‘If they do not hear Moses and the prophets, neither will they be persuaded though one rise from the dead.’ Luke 16:31
In a recent debate between Rick Warren, pastor of Saddleback Church, and the author of “The Purpose Driven Life”, and Sam Harris, the outspoken atheist, and the author of “The End of Faith”, Sam challenged Rick to perform a simple experiment –
“Get a billion Christians to pray for a single amputee. Get them to pray that God re grow that missing limb”1. I suspect that if this really happened, Sam would still not believe. I think he answered it himself when he added, “This happens to salamanders every day, presumably without prayer;” 1. The fundamental assumption is that God has a simple task – dramatically prove Himself by intervening in a supernatural way, and everyone would believe. The fundamental accusation is that God has not adequately revealed Himself.
Jesus, through the mouth of Abraham, says something very bold and insightful at the end of the sensational story of Lazarus and the rich man. The rich man is in hell and in torment, and is asking Abraham to send a warning to his brothers in the form of a resurrected Lazarus. The assumption of the rich man is that a dramatic and miraculous intervention would settle the question once and for all. Abraham replies “If they do not hear Moses and the prophets, neither will they be persuaded though one rise from the dead.” In other words, remarkable wonder can never replace revealed Word. What was performed and seen would be temporary; what was written and heard would be permanent. If the brothers of the rich man were not willing to honestly engage what was already revealed; if they could write off the entire miraculous history of God’s provision for a nation, then one miracle disconnected from all of history would be easier to write off. The problem was not that God had not provided enough evidence, but rather that they did not want any, so they discounted what they had, and kept asking for more.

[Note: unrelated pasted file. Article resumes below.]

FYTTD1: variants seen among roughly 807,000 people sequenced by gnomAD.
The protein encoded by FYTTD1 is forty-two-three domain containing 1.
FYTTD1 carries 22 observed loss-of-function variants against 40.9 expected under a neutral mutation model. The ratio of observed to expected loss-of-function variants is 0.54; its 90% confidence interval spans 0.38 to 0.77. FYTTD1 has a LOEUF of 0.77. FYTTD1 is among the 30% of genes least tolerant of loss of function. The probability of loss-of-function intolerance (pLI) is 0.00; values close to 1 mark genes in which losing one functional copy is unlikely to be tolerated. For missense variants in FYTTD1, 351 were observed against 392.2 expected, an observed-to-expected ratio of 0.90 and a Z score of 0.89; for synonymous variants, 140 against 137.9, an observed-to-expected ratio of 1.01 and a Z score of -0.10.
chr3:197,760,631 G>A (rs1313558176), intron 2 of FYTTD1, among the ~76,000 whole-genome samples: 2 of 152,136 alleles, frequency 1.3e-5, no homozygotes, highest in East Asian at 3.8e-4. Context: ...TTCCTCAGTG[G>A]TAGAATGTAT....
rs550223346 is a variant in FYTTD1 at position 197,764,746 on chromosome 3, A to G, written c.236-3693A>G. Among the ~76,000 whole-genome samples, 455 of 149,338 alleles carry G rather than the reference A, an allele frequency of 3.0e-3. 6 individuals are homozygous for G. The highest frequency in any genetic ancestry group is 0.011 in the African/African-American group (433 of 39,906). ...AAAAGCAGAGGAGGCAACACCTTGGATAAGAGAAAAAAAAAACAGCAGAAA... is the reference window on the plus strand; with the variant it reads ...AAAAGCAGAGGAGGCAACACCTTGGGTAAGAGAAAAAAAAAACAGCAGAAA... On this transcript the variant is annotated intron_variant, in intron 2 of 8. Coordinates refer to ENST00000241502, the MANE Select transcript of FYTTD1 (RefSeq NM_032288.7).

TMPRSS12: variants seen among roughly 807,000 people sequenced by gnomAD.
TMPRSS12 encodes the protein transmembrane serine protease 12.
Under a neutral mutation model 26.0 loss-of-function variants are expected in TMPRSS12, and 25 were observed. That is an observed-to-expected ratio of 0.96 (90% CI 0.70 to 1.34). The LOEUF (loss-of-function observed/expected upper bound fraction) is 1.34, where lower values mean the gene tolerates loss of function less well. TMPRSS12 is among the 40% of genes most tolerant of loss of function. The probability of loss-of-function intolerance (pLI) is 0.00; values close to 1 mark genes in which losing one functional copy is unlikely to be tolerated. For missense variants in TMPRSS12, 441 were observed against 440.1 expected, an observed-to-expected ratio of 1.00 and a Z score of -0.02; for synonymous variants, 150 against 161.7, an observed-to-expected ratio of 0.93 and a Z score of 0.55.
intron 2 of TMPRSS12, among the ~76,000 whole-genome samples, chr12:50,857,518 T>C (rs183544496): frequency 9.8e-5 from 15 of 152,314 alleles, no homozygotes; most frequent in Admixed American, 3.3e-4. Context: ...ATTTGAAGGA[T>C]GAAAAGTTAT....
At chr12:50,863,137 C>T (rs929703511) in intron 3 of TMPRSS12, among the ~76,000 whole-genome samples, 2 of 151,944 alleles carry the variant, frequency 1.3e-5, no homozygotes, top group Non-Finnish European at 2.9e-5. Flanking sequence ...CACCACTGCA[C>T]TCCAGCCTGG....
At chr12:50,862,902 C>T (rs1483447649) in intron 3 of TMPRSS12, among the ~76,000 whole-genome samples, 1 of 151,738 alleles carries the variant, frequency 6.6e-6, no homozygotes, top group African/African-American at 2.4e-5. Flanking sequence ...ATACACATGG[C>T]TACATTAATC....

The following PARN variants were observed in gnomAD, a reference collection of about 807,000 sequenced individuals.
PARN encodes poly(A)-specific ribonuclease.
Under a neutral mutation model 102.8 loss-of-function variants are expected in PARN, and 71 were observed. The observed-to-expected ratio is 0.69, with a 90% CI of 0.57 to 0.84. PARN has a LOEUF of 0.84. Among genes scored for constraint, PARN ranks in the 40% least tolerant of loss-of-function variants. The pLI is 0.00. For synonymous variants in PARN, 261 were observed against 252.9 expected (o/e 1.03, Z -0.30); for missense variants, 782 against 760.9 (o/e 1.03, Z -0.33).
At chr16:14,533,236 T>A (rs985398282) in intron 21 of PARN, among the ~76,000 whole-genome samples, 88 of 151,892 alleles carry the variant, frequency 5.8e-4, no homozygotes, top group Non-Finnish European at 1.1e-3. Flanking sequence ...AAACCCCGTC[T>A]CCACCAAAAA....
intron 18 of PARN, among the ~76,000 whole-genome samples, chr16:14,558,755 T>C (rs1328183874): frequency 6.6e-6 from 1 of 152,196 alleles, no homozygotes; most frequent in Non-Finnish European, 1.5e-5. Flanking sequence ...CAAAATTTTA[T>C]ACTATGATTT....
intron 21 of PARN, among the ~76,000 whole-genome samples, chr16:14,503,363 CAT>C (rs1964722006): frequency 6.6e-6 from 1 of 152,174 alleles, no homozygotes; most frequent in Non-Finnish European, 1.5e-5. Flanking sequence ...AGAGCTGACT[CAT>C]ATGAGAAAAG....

To the skeptic, I cannot say much more than what Jesus already advised – honestly consider, and grapple with what Christians consider as the revealed Word of God, the Bible, before asking for more evidence. Consider the claims of Christ honestly before asking for the dramatic.
But there is an equally important lesson for the believer in these words of Jesus. Some of us have a tendency to desire the spectacular more than the Son. We want to freeze frame those moments of glory like Peter. But the momentarily dazzling can never replace the eternal Word. The dramatic may illustrate and inform, but it is only truth that can transform.
It is exhilarating to see the miraculous provision of God in our lives. It is faith enhancing when we pray and God answers. But we cannot spiritually subsist on the breathtaking, we must have the bread of Life. After Jesus had healed many, and delivered the crowds, the next morning, His disciples came looking for Him to repeat this wonder. They said, “Everyone is looking for you”. But He said to them, “Let us go to into the next towns, that I may preach there also because for this purpose I have come forth.” (Mark 1:37) I suggest Jesus knew that the miracle would deliver temporarily, and the glow and the excitement of that encounter would eventually fade away, but the Word would be the eternal truth imprinted, and it would inspire even in the absence of signs.
Perhaps too much of your life is ordered around the sensational. Perhaps you have a frustrated faith this day because you are looking for a sign that has not been provided. You could believe so easily if God would do just this or that. If Jesus is right, ultimately even resurrection will not be adequate enough for you. I urge you pray and expect God’s miraculous intervention, provision, and deliverance, but above all “hear Moses and the prophets” – and may I add – “the Son”.
1. The God Debate, Newsweek, April 9, 2007
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